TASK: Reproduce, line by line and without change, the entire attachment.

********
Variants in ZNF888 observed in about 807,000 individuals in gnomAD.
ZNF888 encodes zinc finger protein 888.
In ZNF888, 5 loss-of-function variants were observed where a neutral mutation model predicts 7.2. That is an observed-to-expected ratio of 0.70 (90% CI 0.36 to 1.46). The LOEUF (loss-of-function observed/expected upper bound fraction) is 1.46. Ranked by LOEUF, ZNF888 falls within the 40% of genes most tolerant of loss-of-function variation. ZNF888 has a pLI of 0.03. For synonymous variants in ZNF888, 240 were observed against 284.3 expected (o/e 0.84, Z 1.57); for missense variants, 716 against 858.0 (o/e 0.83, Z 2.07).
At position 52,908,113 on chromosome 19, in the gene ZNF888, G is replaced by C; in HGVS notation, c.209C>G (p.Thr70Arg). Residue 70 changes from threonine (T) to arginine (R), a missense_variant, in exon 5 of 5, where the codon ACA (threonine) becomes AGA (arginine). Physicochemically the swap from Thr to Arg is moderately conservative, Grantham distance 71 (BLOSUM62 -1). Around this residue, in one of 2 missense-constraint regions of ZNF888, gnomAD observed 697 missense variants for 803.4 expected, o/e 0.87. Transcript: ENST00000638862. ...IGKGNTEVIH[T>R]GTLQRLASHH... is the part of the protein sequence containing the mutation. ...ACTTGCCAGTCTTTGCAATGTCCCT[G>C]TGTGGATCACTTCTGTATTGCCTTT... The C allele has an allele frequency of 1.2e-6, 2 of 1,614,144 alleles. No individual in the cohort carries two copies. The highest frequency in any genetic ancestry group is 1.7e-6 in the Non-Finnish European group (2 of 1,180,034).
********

Variants in ZNF888 observed in about 807,000 individuals in gnomAD.
ZNF888 encodes zinc finger protein 888.
In ZNF888, 5 loss-of-function variants were observed where a neutral mutation model predicts 7.2. That is an observed-to-expected ratio of 0.70 (90% CI 0.36 to 1.46). The LOEUF (loss-of-function observed/expected upper bound fraction) is 1.46. Ranked by LOEUF, ZNF888 falls within the 40% of genes most tolerant of loss-of-function variation. ZNF888 has a pLI of 0.03. For synonymous variants in ZNF888, 240 were observed against 284.3 expected (o/e 0.84, Z 1.57); for missense variants, 716 against 858.0 (o/e 0.83, Z 2.07).
At position 52,908,113 on chromosome 19, in the gene ZNF888, G is replaced by C; in HGVS notation, c.209C>G (p.Thr70Arg). Residue 70 changes from threonine (T) to arginine (R), a missense_variant, in exon 5 of 5, where the codon ACA (threonine) becomes AGA (arginine). Physicochemically the swap from Thr to Arg is moderately conservative, Grantham distance 71 (BLOSUM62 -1). Around this residue, in one of 2 missense-constraint regions of ZNF888, gnomAD observed 697 missense variants for 803.4 expected, o/e 0.87. Transcript: ENST00000638862. ...IGKGNTEVIH[T>R]GTLQRLASHH... is the part of the protein sequence containing the mutation. ...ACTTGCCAGTCTTTGCAATGTCCCT[G>C]TGTGGATCACTTCTGTATTGCCTTT... The C allele has an allele frequency of 1.2e-6, 2 of 1,614,144 alleles. No individual in the cohort carries two copies. The highest frequency in any genetic ancestry group is 1.7e-6 in the Non-Finnish European group (2 of 1,180,034).